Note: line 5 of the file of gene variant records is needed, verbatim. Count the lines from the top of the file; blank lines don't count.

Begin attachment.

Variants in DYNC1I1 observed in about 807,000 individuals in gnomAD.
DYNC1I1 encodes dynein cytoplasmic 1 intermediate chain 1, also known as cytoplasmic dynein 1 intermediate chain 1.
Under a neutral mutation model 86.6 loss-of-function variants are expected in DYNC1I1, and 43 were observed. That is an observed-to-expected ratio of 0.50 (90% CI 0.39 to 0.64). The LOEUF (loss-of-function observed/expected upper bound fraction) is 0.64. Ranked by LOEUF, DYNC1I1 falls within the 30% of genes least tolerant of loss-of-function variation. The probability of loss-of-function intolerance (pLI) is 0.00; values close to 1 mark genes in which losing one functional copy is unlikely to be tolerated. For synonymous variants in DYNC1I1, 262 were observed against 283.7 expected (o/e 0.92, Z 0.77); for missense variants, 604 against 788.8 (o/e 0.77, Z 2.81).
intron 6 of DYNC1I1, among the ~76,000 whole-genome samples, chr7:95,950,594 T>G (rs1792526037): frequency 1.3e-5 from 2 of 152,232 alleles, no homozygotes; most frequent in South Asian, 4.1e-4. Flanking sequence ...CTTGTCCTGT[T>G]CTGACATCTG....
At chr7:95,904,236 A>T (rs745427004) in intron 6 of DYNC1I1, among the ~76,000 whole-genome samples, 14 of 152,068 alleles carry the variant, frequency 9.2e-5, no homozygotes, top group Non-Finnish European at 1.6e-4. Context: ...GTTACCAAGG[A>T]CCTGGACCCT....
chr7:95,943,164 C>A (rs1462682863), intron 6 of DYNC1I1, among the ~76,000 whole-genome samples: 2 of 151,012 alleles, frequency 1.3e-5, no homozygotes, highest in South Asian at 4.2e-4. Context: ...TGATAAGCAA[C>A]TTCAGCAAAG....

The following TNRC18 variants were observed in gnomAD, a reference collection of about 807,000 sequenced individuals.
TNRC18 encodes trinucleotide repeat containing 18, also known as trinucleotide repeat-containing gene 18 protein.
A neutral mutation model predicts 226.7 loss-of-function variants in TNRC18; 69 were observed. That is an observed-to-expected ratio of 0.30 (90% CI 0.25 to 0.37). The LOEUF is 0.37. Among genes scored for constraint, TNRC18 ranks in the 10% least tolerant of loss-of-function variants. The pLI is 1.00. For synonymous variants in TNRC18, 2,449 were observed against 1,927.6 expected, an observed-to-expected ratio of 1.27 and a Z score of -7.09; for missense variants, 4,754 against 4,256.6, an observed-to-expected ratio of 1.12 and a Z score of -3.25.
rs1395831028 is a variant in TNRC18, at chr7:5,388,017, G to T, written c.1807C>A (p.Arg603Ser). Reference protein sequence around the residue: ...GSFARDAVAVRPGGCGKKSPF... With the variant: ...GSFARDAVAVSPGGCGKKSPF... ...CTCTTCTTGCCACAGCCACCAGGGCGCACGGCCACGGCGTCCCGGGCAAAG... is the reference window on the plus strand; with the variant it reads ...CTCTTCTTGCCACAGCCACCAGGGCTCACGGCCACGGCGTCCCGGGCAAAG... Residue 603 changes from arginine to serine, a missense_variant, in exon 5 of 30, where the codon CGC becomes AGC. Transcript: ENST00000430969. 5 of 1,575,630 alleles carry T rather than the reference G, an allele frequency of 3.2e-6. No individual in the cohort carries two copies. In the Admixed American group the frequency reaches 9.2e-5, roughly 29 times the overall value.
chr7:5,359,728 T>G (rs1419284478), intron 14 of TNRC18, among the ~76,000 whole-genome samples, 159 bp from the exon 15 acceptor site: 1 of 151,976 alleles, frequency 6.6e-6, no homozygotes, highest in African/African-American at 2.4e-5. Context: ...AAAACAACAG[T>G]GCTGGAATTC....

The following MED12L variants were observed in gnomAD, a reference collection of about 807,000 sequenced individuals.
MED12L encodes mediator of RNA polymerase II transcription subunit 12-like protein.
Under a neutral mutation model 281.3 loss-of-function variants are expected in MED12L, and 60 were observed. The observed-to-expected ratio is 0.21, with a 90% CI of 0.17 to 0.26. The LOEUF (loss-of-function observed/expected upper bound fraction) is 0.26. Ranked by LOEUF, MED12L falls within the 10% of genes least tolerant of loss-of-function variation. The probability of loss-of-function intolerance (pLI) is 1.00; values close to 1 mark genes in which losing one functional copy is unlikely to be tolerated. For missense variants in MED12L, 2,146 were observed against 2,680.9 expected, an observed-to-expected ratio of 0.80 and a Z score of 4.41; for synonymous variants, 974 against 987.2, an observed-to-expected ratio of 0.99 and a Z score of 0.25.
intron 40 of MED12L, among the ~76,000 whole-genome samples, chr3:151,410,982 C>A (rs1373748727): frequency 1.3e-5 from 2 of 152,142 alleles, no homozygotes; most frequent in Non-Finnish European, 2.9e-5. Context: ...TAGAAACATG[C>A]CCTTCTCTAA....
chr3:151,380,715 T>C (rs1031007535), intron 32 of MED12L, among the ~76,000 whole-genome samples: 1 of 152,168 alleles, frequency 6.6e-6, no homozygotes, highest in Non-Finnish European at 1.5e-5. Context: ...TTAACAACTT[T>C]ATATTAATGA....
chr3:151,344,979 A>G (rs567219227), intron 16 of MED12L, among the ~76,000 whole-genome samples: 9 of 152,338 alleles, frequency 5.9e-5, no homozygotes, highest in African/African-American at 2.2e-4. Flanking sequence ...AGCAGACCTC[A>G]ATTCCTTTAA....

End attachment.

At chr7:95,904,236 A>T (rs745427004) in intron 6 of DYNC1I1, among the ~76,000 whole-genome samples, 14 of 152,068 alleles carry the variant, frequency 9.2e-5, no homozygotes, top group Non-Finnish European at 1.6e-4. Context: ...GTTACCAAGG[A>T]CCTGGACCCT....